Talking with U of M

Talking soil health with U of M

garden
Credit: Tejvan Pettinger

Spring is here and many Minnesotans will start tending to their gardens. Anne Sawyer, an Assistant Extension Professor at the University of Minnesota, answers questions about soil health and how it translates to healthy plants this growing season. 

Q: What should a home gardener know about soil health? 
Dr. Sawyer:
One of the most empowering things to know is that no matter how large or small your garden is, you are able to do good things for your soil! Your soil is alive, full of amazing microbes like bacteria and fungi, bugs, worms, spiders, and so much more. All of these organisms interact with each other and with plants to create a soil ecosystem. The more diversity we have in the soil ecosystem, the more it’s able to fend off “bad” bugs and plant diseases. In this way, gardeners are almost like farmers, feeding and tending the soil “livestock."

And the best part is that caring for your soil not only helps you to grow healthy plants, but can save you money and also protect the environment. A healthy soil can retain, recycle, and provide nutrients, allowing you to reduce your fertilizer use and, in turn, help prevent excess fertilizers and nutrients from getting into our water. The trick is to test your soil on a regular basis so you know which nutrients your soil can supply to plants, and which you may need to supplement with fertilizers.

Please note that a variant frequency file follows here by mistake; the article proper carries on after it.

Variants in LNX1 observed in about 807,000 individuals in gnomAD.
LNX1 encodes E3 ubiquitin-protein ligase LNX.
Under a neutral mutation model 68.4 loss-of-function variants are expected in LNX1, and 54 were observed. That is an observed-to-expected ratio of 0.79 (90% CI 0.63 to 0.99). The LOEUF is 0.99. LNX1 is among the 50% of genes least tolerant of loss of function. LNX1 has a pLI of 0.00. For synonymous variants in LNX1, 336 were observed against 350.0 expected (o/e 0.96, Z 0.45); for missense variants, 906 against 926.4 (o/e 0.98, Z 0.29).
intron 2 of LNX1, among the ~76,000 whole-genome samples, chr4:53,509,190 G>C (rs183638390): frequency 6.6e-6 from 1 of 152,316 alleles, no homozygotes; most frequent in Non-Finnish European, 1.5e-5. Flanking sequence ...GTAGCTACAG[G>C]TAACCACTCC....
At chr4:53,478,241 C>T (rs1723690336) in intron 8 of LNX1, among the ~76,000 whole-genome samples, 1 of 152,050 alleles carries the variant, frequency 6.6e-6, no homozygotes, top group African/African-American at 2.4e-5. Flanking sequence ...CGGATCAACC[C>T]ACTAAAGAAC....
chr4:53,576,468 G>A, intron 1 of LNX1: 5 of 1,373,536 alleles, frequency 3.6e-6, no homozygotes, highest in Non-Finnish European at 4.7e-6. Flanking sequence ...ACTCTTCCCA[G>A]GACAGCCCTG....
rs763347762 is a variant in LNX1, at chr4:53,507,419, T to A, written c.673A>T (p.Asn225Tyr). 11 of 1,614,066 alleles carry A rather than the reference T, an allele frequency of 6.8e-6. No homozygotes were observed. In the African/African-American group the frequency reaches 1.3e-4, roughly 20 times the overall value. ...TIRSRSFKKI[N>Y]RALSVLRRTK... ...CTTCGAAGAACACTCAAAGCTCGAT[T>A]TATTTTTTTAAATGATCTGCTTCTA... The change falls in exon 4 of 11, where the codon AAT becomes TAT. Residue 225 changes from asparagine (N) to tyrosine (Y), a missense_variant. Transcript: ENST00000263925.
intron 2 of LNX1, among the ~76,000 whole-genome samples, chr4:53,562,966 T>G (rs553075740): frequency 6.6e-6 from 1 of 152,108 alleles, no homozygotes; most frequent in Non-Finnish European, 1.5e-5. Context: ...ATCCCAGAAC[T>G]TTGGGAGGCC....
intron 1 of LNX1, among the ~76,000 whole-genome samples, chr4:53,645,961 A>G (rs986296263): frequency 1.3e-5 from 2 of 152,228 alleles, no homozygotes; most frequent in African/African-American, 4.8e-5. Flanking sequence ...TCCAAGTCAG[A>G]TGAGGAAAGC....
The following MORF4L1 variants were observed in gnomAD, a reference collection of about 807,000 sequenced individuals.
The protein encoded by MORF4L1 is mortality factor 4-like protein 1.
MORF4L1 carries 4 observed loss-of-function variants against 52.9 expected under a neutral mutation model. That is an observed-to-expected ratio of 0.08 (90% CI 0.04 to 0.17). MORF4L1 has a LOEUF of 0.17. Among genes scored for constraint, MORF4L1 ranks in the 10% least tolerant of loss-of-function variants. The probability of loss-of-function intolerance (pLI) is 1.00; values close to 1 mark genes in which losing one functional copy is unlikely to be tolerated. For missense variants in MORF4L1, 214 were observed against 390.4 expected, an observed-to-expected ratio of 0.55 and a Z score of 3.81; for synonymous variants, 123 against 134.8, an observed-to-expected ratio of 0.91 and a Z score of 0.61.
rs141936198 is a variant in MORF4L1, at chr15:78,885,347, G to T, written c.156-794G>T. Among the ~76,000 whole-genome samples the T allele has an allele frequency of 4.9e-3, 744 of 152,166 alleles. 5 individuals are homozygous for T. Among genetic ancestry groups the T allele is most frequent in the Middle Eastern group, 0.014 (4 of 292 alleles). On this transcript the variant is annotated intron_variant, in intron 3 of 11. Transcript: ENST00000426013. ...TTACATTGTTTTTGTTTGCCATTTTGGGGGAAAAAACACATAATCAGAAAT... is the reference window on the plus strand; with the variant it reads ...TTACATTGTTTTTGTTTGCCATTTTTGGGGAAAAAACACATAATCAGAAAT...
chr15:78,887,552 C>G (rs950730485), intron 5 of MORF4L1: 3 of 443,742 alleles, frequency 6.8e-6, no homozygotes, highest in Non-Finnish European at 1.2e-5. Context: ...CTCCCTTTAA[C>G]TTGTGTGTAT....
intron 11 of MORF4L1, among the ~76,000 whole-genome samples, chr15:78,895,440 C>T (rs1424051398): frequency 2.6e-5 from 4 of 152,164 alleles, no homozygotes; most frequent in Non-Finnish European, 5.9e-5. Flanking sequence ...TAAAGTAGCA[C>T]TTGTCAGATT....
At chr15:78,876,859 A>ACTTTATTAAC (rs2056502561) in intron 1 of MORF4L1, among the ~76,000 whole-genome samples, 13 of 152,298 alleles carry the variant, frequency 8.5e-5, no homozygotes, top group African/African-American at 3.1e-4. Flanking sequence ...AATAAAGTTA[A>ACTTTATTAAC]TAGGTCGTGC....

Q: What is soil testing? Who should get their soil tested?
Dr. Sawyer:
Soil testing, in a general sense, is the process of collecting a representative sample of your soil and sending it to a laboratory that will analyze the characteristics most important for plant growth. The laboratory will then make recommendations for fertilizers and/or lime (to adjust pH) that are uniquely suited to the soil you have and the plants you want to grow. Soil tests can also look for contaminants, such as lead, that may impact human health.

Every gardener should get a soil test! If you haven’t had one yet, now is a great time to get one. Repeat your soil test every three years or so; you may want to test more or less often depending upon how intense your production is and/or how quickly conditions change in your soil. The University of Minnesota Soil Testing Lab is a great option for a soil test, but there are several other labs in Minnesota that offer soil testing, too.